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Synthetic polymers present a tremendous number of advanced functionalities – from everyday plastics to highly advanced materials. Many of these polymers are inspired by their natural analogues, the biopolymers such as proteins, DNA or sugars. Nevertheless, synthetic polymers still fail to achieve the same level of complexity of an enzyme or antibody, for example. If we try to understand the differences between the synthetic and biological polymers, it is not about the variety of functional groups that can be introduced into the polymeric chain but rather about the precise positioning of these functional moieties. While biopolymers only use a small library of functional building blocks, e.g. amino acids, they are build up with defined chain length, sequence-defined positioning of the functional groups . Through this sequence-control the overall properties of the polymer are defined including the formation of higher order structures, aggregation behavior, stability and many more properties. Such control is still lacking for synthetic polymers, but, if realized, has great potential to lead to novel materials with superior properties.

Our approach towards monodisperse, sequence-controlled polymers is based on the use of solid phase chemistry. We apply well-established solid phase peptide chemistry but instead of amino acids we use specially designed building blocks or monomers from classical polymer chemistry. Through the iterative coupling of these building blocks on the solid support, we obtain monodisperse and sequence-defined oligo- and polymers.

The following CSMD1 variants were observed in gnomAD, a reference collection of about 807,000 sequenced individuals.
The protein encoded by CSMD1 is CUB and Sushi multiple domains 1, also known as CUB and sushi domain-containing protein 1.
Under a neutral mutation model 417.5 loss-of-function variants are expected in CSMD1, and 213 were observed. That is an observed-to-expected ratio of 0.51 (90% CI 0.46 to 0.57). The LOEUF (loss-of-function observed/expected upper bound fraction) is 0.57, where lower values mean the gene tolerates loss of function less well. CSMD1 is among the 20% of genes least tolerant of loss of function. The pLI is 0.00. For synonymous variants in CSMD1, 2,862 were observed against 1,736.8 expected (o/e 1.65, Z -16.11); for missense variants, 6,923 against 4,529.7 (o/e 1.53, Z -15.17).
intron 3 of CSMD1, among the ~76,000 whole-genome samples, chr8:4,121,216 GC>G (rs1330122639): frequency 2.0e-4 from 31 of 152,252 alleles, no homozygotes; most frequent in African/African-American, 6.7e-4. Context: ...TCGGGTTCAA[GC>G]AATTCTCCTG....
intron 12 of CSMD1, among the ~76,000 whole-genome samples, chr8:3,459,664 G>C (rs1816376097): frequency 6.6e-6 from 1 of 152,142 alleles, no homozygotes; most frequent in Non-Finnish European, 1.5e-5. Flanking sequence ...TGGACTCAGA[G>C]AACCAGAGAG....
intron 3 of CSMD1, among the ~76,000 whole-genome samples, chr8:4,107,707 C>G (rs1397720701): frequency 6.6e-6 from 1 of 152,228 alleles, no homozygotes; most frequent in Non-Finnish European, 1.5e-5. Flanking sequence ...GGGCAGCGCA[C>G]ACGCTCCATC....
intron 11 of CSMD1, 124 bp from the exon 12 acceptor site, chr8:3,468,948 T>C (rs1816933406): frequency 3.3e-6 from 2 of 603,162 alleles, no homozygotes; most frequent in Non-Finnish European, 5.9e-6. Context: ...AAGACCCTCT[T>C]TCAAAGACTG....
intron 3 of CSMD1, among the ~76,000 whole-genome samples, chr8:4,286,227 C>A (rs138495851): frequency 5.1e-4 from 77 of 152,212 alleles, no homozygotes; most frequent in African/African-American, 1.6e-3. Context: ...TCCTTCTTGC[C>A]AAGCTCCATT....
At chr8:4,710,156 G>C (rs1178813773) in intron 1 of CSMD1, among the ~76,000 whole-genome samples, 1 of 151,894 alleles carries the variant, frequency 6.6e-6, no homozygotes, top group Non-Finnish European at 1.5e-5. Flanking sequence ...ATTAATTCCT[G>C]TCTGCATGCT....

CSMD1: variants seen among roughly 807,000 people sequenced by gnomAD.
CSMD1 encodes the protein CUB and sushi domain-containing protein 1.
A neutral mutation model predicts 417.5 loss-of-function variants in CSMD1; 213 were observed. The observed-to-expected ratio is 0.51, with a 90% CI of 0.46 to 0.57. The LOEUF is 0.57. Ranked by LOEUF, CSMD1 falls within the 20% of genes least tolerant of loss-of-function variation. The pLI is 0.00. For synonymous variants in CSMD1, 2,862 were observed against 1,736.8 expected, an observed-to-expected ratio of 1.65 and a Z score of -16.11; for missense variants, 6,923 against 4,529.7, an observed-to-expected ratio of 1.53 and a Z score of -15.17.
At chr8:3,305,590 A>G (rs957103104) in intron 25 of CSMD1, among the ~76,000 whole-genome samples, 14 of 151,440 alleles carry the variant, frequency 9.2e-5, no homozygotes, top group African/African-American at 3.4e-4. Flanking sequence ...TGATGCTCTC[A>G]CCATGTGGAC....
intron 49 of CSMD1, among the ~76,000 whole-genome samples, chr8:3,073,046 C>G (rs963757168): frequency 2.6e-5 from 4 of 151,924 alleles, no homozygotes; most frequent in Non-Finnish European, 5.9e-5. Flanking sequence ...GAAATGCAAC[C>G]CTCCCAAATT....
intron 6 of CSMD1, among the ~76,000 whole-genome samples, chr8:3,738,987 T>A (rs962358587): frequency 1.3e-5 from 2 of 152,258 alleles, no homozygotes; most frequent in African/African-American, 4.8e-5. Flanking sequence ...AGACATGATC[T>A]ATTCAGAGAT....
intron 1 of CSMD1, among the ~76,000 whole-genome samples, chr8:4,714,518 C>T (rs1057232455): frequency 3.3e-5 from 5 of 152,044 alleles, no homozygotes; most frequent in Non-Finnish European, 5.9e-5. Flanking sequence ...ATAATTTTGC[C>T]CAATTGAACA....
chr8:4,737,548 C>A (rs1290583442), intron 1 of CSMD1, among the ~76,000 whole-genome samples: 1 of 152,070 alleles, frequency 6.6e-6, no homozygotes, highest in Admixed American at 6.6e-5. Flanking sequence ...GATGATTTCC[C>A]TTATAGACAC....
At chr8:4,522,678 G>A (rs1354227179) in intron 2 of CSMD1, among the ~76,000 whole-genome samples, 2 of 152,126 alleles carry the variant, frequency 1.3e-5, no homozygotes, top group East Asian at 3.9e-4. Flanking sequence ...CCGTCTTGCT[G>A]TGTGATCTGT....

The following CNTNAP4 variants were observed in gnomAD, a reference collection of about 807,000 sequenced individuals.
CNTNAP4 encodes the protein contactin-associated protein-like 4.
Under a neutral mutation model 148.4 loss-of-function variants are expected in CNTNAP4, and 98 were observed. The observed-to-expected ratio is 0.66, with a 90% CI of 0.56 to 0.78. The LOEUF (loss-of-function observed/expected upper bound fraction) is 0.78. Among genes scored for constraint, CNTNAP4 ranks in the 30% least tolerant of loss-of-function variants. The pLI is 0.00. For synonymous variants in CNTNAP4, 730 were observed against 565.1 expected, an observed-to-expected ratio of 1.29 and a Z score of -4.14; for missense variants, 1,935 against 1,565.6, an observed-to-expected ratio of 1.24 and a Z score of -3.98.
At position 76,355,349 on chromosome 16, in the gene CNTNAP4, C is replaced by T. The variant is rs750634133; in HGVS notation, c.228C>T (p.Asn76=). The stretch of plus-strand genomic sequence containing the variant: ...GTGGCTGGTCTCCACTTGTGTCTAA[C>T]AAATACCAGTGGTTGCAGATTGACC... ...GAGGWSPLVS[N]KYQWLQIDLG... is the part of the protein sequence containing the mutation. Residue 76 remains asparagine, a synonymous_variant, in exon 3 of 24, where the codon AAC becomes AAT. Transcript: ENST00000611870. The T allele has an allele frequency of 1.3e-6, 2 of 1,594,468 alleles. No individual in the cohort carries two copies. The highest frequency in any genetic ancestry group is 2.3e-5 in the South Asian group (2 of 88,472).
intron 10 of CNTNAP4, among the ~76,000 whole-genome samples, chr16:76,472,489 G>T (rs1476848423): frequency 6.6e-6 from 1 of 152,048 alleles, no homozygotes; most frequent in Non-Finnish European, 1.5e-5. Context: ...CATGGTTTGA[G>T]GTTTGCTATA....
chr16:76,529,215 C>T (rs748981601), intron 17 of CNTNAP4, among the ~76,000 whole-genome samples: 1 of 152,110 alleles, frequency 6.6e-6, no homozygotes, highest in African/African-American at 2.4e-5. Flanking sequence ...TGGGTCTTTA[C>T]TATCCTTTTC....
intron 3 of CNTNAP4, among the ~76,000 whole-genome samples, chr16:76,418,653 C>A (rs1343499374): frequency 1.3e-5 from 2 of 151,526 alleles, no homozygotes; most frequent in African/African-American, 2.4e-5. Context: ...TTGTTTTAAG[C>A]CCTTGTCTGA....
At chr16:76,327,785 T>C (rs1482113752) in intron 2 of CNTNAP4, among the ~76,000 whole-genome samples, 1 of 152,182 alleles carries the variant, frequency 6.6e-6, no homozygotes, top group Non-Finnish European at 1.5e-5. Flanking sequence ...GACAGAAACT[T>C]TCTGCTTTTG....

Special focus is devoted to the synthesis of so-called polymeric biomimetics. These are polymers and polymeric derivatives that mimic the biological properties e.g. of a sugar ligand or peptide motif. In contrast to their natural analogues, polymeric biomimetics often exhibit higher stability, reduced cytotoxicity and immunogenicity and can be more easily synthesized. Through the use of our monodisperse, sequence-controlled macromolecules as polymeric biomimetics in a variety of applications such as sugar- or peptidomimetics in bacteria targeting, we are aiming at an improved design of novel polymeric biomimetics and, more general, a deeper insight into the structure-property correlation of synthetic materials in biology and medicine.

Figure: General scheme of solid phase polymer synthesis: dimer building blocks are assembled on solid-support by stepwise activation, addition and deprotection, the final sequence-defined, monodisperse scaffolds are obtained directly after cleavage from the support. The whole process is automated by using a standard peptide synthesizer.

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